A relatively modest but strategically directed Federal Government investment will result in better vision and eye health for Australians, says the CEO of Optometry Australia, Lyn Brodie.
In its 2019–2020 Budget Submission – Sustainability for optometry and primary eye health care – optometry’s national peak professional body has called for the Government to support readier access to primary eye care for middle-aged Australians, Australians living in rural and remote areas and Aboriginal and Torres Strait Islanders, as well as investment in applied research to pilot innovative new models of care.
With a prudent and relatively conservative investment, the Government can generate a positive – and almost immediate – impact on eye health for Australians
“Regular access to quality optometric care is an essential element to reduce the significant social and economic cost of preventable blindness and vision loss,” said Ms Brodie.
“With a prudent and relatively conservative investment, the Government can generate a positive – and almost immediate – impact on eye health for Australians, while reducing vision impairment.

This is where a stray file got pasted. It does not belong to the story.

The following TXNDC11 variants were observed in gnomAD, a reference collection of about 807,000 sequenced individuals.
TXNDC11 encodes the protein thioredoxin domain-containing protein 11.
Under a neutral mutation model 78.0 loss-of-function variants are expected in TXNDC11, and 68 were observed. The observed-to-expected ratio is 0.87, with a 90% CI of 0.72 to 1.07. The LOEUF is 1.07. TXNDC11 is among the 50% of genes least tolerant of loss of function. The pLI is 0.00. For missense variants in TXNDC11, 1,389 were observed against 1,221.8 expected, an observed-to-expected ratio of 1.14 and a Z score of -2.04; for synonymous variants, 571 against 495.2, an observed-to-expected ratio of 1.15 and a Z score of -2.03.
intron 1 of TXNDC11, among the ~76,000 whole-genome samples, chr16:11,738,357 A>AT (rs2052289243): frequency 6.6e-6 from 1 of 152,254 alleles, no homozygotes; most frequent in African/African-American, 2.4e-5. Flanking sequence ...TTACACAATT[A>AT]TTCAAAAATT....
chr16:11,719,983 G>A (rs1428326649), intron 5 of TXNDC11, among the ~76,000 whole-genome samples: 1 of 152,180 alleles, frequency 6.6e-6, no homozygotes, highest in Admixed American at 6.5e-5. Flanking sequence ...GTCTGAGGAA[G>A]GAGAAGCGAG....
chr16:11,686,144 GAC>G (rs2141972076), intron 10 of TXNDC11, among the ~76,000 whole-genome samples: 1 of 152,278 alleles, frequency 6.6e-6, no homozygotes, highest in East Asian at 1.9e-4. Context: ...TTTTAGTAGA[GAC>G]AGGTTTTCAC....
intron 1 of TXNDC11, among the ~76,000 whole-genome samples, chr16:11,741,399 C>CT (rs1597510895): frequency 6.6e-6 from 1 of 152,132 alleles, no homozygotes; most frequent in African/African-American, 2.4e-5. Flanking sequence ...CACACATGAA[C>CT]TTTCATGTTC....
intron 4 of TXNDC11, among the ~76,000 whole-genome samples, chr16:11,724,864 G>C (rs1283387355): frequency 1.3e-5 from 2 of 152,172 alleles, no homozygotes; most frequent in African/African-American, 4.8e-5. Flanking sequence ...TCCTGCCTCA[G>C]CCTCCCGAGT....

“With more than 12 million Australians reporting a long term eye condition, an ageing population and an increasing prevalence of chronic disease with associated eye pathology, it’s vital for all Australians to have access to timely and affordable access to primary eye care.”
Optometrists play a crucial role in reducing the heavy social and economic cost of avoidable blindness and vision loss. More than eight million Australians already access eye care from an optometrist each year.
Ms Brodie said Optometry Australia members are vital in preventing, detecting and managing the development of ocular and systemic conditions that reduce productivity and require costly specialist care.
• Reinstating Medicare rebates for biennial comprehensive initial eye exams for Australians aged between 45 and 64
• Ensuring access to sustainable and timely outreach eye care by expanding the Visiting Optometrists Scheme
• Investigating new models of care – for example, integrating optometry into primary care and collaborating with tertiary eye care services.
• Key steps towards these essential goals will be achieved by a relatively modest $11.56 million in 2019-20.
“These measures are vital to ensure access to quality eye care is maintained for all Australians, particularly for those who need it most,” said Ms Brodie.
She said a government response is even more important as we approach the year 2020, which Optometry Australia has designated the Year of Good Vision – a one-off opportunity to focus attention on eye health.